Years later, part of Josh’s treatment involved drawing pictures of the events in his life that led him down the path he was on. He was to draw his life as it was, and his life as it should have been. He drew a picture of his father’s funeral, and of he and his siblings riding along in his mother’s SUV, the windows rolled up and the car filled with her pot smoke. His drawings of what his life should have been was dramatically different. As I got to know the kids, Josh and I started to fall for each other. By that time, I had realized I needed to withdraw from Lee’s life as much as possible. Nothing she said could be trusted. Even decades later, I’m still discovering her lies. By the time Josh committed suicide, she and I hardly saw each other. She only saw Josh every month or so. That day, we all gathered at her house. She was sitting in the center of the room, crying without tears. She lamented on and on about losing her baby boy, and turned to her daughter, her youngest, and proclaimed, “you will have to take his place in my life”. The more she went on and on, as though she were June Cleaver who now had to bury the Beaver, I lost it. I lunged at her, shouting, “You only saw him once a month!” My mother, who had been visiting that weekend and was there when I got the call, had to hold me back from hitting her. She and Lee’s husband, Ronnie, escorted me to another room to calm down. Ronnie was very sweet and did his best to comfort me, a fact which infuriated Lee all the more. This was her moment to shine, and he and everyone else better damn well pay attention to her. I left her house that day, not to see her again for a year.

I couldn’t bring myself to go to Josh’s funeral, especially after learning that she’d ask the family drug dealer to be a pallbearer. Whether you believe in god or karma, he/it was at work that day, for the drug dealer’s car broke down, and he was unable to carry Josh’s casket. My good friend Christine went in my place, a sweet, thoughtful Jehovah’s Witness I had come to know and love.

I had been laid off work two days before his death, so it was decided I’d go back to San Antonio to recover. When Lee found out, she left a note on my door, proclaiming me a traitor and that I was abandoning her. She referenced herself 16 times in that letter. She referenced Josh twice.

It was later I found out the events of Josh’s last night. He arrived with his mother at his brother’s house, wreaking of marijuana. Because, you know, pot is the best medicine for a teenage schizophrenic checking out of a mental health/substance abuse facility. Mother knows best. His mother proclaimed him a burden, and left him there. He left no note, so I can only assume he saw no hope. I realize now that he was doomed, no matter what. All he’d ever known in his life was loss, drugs, and dysfunction. Though he lived with his brother and paternal grandmother (the “normal” ones), the rest of his life was filled with alcoholics and drug addicts, and people that didn’t truly care for him. I, myself, was on the edge, exhausted and heartbroken from months of dealing with his addiction and mental health issues.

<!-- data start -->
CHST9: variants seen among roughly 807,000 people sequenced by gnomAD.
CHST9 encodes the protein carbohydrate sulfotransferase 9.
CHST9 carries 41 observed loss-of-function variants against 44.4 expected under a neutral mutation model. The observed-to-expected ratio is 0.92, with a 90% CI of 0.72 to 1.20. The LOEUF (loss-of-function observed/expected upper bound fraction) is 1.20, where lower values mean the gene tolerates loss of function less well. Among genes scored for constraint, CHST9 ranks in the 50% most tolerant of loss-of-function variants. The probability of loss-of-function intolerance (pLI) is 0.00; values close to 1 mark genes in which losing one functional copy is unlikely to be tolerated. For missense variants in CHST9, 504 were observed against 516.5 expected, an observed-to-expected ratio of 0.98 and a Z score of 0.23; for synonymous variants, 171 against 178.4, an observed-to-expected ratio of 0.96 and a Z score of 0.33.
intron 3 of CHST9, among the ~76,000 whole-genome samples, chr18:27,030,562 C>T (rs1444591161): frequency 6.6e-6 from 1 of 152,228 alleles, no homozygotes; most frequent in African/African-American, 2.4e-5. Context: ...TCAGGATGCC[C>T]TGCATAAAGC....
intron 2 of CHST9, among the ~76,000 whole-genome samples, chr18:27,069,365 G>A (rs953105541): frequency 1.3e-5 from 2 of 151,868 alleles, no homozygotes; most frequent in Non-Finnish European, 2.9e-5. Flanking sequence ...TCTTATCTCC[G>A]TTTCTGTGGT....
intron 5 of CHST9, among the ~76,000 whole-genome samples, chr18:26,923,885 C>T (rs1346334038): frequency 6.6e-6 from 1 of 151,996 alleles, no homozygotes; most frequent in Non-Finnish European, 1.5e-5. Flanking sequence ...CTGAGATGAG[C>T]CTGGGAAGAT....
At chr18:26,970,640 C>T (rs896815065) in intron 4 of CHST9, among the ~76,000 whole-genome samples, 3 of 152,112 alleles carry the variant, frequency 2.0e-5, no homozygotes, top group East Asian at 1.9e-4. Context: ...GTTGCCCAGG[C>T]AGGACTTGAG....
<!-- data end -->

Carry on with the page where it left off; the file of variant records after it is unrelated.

In Texas, I found some relief, up until the night I got drunk and swallowed a bottle of sleeping pills. Amazingly, I survived, though I was very sick all weekend. That Monday, the mailman brought with him a letter from Lee. My mother, who at that point thought I had simply gotten very, very drunk, had asked my brother to stay with me that day, to keep an eye on me. He was the one who opened the letter. He didn’t let me read it, though he did show me the bottom of the last page, where Lee and her family had signed the letter, their affirmation of their hatred for me. Note to narcissistic pathological liars: when forging your families’ names on a letter, be sure to spell their names correctly. Months later I read the letter myself, and it was full of the easily verifiable lies I had become accustomed to from her. Christine hated me. “Stacey” hated me. The most insulting one was that the sole reason Josh killed himself was because he wanted to break up with me and I wouldn’t let him. Far more insulting to Josh than to me.

When I moved back to Oklahoma, I worked with Josh’s brother to make a PSA about Josh and drugs. It ran on the tv station I worked for. Lee called me up at work to scream at me, again proclaiming that everyone in her family now hated me, and how dare I make that PSA. Her lies were deflated a bit when I explained that I had the full blessing of other members of her family, including the ones who had given me the pictures used in the PSA. She started driving past my house at all hours, as noted by the sheriff’s deputies I lived next door to. By that time, the curtain was in complete tatters. I no longer believed in the Wizard, and came to realize that Lee had a reputation in this town of 45,000. That she had aliases, and had been telling whoppers since childhood, even managing to fool a local reporter once into thinking she was training for the Olympics as a runner. Years later, when she heard from her daughter-in-law (my good friend, yet one of the people Lee tried to convince me hated me) that I was moving to California, she, quite shockingly, stated, “Good. She’ll be successful there, she deserves happiness”. Stacy and I both knew all Lee had done to me, and were blown away by this new standard of self-deception. Lee actually believed we were still friends.

I’m still friends with Josh’s brother. We chat on Facebook now and again. He’s tried calling me a few times. I love him and want nothing but the best for him, but I feel it necessary to keep him at arms length. I fear letting him too far into my life will invite the crazy back. I pray he’s got a healthy relationship with his mother now (read: a non-existent one).

Lee was my first lesson in betrayal. The first person to teach me the lesson that not all people are honest. Or even sane, for that matter. You would think that lesson would have been enough. It wasn’t.